Chinese ship threatens and confiscates catch of Vietnamese boat off Paracel Islands

Vietnamese captain was forced to destroy his own fishing net with a knife
By RFA Vietnamese
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Chinese ship threatens and confiscates catch of Vietnamese boat off Paracel Islands Vietnamese fisherman Huynh Van Khoi says Chinese officials took some of his gear and 1.5 tons of seafood.
Credit: BD

A Chinese ship confiscated the catch of a Vietnamese fishing boat anchored in the waters off the disputed Paracel Islands in the South China Sea on Feb. 19, the state-sponsored Tuoi Tre Newspaper reported.

The incident  is one of several recent cases of Chinese ships intimidating Vietnamese fishing boats around the islands, which are claimed by Vietnam, China and Taiwan, the paper said.

It happened when the Vietnamese crew was forced to anchor in a rocky area to avoid strong winds near the Paracel Islands, about 355 kilometers from the Vietnamese coast, according to Huynh Van Khoi, the owner and captain of the vessel.

A large Chinese ship approached the boat, and a group of Chinese in uniforms with steel rods and loud speakers boarded the vessel after coming in on small boats, Huynh said.

An interpreter told the crew they were being arrested and fined for entering Chinese waters. After Huynh and his crew argued, Huynh said the Chinese officials raised their rods at them in a threatening manner, leaving him no choice but to sign papers to avoid arrest. 

The officials forced him to destroy his own fishing net with a knife before boarding their own boats, taking away half of the damaged net and 1.5 tons of his catch. The net cost around US$21,300, Huynh said.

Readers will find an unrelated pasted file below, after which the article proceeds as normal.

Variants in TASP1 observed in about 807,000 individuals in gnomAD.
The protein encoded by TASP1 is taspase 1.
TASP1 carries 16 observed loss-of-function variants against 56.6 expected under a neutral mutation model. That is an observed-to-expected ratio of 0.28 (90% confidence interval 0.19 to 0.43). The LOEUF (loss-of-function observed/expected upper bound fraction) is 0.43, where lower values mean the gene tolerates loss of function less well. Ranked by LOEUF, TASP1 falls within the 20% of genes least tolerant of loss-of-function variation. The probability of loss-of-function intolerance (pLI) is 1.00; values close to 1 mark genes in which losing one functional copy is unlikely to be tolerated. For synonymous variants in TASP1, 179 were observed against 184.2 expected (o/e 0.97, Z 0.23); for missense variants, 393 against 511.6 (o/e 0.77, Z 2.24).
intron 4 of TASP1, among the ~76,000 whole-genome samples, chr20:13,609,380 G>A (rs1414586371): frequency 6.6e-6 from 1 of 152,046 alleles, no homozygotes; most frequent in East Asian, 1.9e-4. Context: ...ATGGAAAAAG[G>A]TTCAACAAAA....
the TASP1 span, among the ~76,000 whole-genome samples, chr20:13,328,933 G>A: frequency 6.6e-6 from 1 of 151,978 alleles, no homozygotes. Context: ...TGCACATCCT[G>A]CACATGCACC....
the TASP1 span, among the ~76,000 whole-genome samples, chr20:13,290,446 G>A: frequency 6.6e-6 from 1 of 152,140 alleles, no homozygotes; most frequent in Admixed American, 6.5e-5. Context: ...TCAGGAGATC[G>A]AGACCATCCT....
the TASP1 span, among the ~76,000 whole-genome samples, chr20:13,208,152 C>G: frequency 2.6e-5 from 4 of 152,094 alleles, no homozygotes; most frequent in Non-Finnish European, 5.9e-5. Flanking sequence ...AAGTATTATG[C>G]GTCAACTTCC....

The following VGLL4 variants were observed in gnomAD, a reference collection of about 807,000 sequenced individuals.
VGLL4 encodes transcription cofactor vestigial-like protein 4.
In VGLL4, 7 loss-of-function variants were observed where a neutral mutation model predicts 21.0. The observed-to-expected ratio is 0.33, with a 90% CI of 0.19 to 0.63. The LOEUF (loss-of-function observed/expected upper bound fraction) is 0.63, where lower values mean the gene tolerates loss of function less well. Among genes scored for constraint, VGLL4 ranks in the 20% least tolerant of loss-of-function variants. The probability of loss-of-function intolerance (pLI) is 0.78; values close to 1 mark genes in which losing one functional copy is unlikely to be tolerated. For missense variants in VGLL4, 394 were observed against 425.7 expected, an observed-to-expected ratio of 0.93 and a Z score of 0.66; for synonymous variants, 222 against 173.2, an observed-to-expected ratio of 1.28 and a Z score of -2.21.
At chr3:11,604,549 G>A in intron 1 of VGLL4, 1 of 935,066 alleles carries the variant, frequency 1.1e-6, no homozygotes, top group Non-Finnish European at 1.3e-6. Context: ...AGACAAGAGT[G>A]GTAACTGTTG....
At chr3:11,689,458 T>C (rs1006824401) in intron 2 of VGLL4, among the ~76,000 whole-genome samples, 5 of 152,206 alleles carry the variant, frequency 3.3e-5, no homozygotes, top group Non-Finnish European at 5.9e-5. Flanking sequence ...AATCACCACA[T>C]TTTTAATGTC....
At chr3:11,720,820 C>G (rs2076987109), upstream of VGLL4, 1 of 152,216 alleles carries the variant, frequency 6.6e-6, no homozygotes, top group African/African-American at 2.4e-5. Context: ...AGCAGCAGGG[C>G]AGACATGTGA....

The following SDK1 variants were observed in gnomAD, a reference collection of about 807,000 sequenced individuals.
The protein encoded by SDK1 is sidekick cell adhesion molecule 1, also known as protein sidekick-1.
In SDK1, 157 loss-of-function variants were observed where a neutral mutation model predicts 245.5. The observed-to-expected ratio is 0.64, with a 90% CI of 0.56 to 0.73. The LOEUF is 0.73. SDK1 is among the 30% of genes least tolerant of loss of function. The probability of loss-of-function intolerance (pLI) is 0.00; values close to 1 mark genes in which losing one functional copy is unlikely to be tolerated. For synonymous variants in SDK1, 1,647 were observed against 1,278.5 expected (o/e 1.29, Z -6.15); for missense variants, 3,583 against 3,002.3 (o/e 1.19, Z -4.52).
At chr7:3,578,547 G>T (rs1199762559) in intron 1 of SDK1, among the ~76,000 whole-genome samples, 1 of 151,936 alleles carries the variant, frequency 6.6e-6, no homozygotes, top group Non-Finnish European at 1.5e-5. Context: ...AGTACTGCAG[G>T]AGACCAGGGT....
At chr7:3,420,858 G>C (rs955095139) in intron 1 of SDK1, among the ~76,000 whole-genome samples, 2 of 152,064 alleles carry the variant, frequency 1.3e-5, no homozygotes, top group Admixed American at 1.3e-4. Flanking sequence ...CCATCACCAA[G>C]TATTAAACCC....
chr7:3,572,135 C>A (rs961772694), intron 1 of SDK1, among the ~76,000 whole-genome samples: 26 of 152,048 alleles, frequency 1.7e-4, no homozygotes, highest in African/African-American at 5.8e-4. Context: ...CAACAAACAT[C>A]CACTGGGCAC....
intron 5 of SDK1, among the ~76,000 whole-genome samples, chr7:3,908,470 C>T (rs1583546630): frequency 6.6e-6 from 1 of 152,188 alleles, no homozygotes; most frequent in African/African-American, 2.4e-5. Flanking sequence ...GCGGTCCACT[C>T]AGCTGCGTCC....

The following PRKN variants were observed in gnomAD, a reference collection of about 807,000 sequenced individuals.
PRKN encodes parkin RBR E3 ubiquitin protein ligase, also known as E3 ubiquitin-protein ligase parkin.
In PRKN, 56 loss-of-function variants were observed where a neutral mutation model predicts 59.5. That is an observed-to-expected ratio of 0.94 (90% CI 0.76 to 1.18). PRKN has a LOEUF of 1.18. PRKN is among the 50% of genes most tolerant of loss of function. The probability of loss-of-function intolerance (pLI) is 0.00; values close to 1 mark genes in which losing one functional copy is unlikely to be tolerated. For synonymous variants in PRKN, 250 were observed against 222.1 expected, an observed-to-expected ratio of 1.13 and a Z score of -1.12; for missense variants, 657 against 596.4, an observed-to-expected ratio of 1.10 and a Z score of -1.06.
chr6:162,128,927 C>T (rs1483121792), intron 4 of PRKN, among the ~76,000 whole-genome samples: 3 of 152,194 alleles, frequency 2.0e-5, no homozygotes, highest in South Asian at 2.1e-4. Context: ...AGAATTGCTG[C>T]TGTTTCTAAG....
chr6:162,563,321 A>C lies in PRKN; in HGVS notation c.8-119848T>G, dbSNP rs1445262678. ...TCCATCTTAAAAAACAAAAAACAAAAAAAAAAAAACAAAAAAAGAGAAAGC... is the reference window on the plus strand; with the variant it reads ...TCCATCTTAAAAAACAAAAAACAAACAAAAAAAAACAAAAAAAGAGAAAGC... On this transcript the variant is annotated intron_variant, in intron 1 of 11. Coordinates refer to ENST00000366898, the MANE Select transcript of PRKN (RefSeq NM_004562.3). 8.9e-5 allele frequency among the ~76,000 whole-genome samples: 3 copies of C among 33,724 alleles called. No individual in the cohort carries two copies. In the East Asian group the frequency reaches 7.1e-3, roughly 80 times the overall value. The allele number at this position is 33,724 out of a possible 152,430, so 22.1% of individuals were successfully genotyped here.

Upon arriving back home, in Quang Nam province, Vietnam,, Huynh reported the incident to Vietnamese border guards. 

Vietnamese fisherman Huynh Van Khoi says Chinese officials forced him to destroy this fishing net. Credit: BD

The newspaper said the damage to equipment and the attempts to drive fishermen away were part of China’s plans to discourage fishermen from fishing in the area, which the paper said was historically Vietnamese fishing grounds.

China has occupied the islands after a bloody battle with the now-defunct Republic of Vietnam’s navy in 1974. Since then, China has turned the islands into military bases and always deterred Vietnamese fishermen from fishing. In 2020, a Vietnamese shipping boat was rammed by a Chinese vessel.

Huynh’s case, the paper said, was relatively mild compared to other instances, where entire cargoes were seized and fishermen arrested by Chinese officials. 

At a high-level meeting between Vietnamese General Secretary Nguyen Phu Trong and Chinese President Xi Jinping in Beijing in October, the two sides agreed to control disagreements and maintain peace and stability in the South China Sea.

Translated by Anna Vu. Edited by Nawar Nemeh and Malcolm Foster.


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